What is more, most aspects of the English phonological system cause difficulties for Chinese learners because some English phonemes do not exist in Chinese, and stress and intonation patterns are different. For instance, Chinese learners find it difficult to hear the difference between l and r, and thus may mispronounce rake and rice as lake and lice. Southern Chinese speakers have a similar difficulty in distinguishing l and n. Also, a major problem is with the common final consonant in English. This feature is much less frequent in Chinese and results in learners either failing to produce the consonant or adding an extra vowel at the end of the word. For example, hill may be pronounced as if without the double ll, but with a drawn out i, or as rhyming with killer. Such difficulties in pronouncing individual English words, compounded by problems with intonation, result in the heavily accented English of many Chinese learners. In some cases, even learners with perfect grammar may be very hard to understand.
Other differences between the two languages include the fact that English emphasizes structure, while Chinese focuses on meaning. In English, several meanings can be expressed clearly with complicated structure in just one sentence. In Chinese, a sentence is usually short with few modifiers, otherwise it will cause confusion in meaning. Furthermore, when expressing meaning, a long sentence is regularly used in English and a short sentence is used in Chinese. There are many clauses in English sentences which are often separated into small sentences in the Chinese way of expression. In an English sentence, except some modifiers, there are many clauses which make a sentence much more complicated. In Chinese, one meaning is usually expressed in separate sentences connected by a comma. Another difference is that in English people use pronouns extensively, but in Chinese speakers often use nouns. English speakers not only use we, you or she, but also that and which to keep a sentence well-structured and clear, and avoid repeated meaning. Due to the short sentence structure, a pronoun is commonly replaced by a noun in Chinese expression. Finally, the passive voice is often used in English expression, whereas in Chinese one generally uses the active voice. For example, "It is (always) stressed that..." in English is usually expressed as "People (always) stress that..." in Chinese.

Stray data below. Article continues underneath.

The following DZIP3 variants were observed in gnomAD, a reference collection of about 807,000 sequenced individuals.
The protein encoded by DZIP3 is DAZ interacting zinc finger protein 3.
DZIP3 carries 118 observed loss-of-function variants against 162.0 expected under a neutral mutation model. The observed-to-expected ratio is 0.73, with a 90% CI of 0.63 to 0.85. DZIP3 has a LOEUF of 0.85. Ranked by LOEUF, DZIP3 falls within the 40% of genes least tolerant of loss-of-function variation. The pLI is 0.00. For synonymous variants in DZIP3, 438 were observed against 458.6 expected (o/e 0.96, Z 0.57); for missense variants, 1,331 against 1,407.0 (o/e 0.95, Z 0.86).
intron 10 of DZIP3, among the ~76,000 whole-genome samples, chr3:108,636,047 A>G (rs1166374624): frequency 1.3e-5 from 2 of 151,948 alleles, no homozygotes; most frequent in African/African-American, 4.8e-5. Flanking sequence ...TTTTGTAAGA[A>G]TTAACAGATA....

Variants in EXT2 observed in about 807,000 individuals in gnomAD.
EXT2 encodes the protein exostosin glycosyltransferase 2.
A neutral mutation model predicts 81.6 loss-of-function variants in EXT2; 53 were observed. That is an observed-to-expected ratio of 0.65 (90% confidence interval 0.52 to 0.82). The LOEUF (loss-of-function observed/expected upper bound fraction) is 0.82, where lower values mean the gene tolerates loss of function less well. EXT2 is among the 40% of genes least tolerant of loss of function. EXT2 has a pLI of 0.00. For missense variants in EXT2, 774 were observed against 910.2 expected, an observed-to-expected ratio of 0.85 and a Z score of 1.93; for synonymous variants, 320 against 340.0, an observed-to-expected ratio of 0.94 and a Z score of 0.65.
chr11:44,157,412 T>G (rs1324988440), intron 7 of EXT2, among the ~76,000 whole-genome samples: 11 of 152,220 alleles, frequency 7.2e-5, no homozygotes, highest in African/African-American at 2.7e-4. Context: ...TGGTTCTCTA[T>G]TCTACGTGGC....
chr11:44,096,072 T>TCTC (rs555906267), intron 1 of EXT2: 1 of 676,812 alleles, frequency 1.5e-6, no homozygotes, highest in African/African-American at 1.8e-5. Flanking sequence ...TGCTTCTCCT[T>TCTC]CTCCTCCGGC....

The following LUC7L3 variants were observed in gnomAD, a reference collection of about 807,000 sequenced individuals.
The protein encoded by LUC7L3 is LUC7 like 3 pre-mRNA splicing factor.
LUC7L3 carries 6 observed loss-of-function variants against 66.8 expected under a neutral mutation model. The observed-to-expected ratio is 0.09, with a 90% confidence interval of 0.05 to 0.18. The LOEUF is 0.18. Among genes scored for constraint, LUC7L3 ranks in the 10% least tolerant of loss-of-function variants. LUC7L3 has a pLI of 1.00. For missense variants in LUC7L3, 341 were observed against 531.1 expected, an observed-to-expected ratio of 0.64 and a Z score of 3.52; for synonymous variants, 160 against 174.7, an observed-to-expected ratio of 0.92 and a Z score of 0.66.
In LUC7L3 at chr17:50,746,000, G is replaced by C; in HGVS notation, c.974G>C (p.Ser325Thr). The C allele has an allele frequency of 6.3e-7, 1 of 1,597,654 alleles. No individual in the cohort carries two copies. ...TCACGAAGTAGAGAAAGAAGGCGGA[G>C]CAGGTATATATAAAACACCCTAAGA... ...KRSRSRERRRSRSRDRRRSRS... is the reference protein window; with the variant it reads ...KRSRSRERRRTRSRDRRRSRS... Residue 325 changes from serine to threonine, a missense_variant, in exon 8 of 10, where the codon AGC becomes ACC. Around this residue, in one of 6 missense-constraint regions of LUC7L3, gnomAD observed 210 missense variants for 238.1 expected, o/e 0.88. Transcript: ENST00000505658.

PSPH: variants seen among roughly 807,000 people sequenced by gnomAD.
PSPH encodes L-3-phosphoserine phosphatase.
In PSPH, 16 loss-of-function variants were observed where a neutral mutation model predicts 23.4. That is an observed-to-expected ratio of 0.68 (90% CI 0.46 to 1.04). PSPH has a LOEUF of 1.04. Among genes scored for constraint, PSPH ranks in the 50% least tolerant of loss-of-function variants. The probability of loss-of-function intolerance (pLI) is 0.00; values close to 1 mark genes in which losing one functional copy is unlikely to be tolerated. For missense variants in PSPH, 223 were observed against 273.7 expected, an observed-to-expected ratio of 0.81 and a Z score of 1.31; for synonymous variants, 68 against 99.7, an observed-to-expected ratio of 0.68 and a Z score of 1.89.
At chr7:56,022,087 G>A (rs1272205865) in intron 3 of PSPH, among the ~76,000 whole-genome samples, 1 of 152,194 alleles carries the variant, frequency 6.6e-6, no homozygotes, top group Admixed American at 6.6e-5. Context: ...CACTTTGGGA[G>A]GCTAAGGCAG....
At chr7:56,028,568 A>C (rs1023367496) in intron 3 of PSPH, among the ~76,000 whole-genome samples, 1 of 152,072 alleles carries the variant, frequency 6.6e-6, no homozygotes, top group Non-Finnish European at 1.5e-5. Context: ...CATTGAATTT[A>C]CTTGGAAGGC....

But Chinese is not the only tonal language. There are others such as Thai, Vietnamese, etc. In a tonal language, the way the voice goes up and down during the pronunciation of a vowel is enclosed in the word. In such languages, an "upward a" and a "downward a" (different because of the tones) are just as distinct as p and b (different because of voicing). If one changes the tone, the meaning also changes, even if all the other sounds are exactly the same. For example, in Thai, mai can mean ‘middle’, ‘low’, ‘high’, ‘falling’ or ‘rising’ – the only distinction is given by tone.  In contrast, the English word change can be pronounced with a downward or upward pitch and this would not affect the meaning of the word, or point to a different word, as English belongs to a different category of languages. Instead, it assigns stress to one syllable of every word. Changing the stress can point to a different word (pérfect, perfèct), although usually this also leads to changes in the vowels.

Resources:
http://www.quora.com/Whats-the-difference-between-a-tonal-language-and-a-pitch-accent-language
http://www.ling.sinica.edu.tw/files/publication/j2004_4_07_0114.pdf
http://www.macmillandictionaries.com/MED-Magazine/April2006/37-Thai-English-false-friends.htm
http://esl.fis.edu/grammar/langdiff/chinese.htm
http://www.chineseathome.com/index.php/index.php?option=com_content&view=article&id=321%3Afive-major-differences-between-chinese-and-english-languages-grammar&catid=63%3Achinese-language&Itemid=193&lang=en
https://chinesepod.com/tools/pronunciation/section/17
http://people.wku.edu/shizhen.gao/Chinese101/pinyin/tones.htm
http://www.pnas.org/content/112/10/2972.abstract
http://qz.com/351392/chinese-speakers-use-different-regions-of-their-brain-than-english-speakers/
https://theconversation.com/if-you-speak-mandarin-your-brain-is-different-37993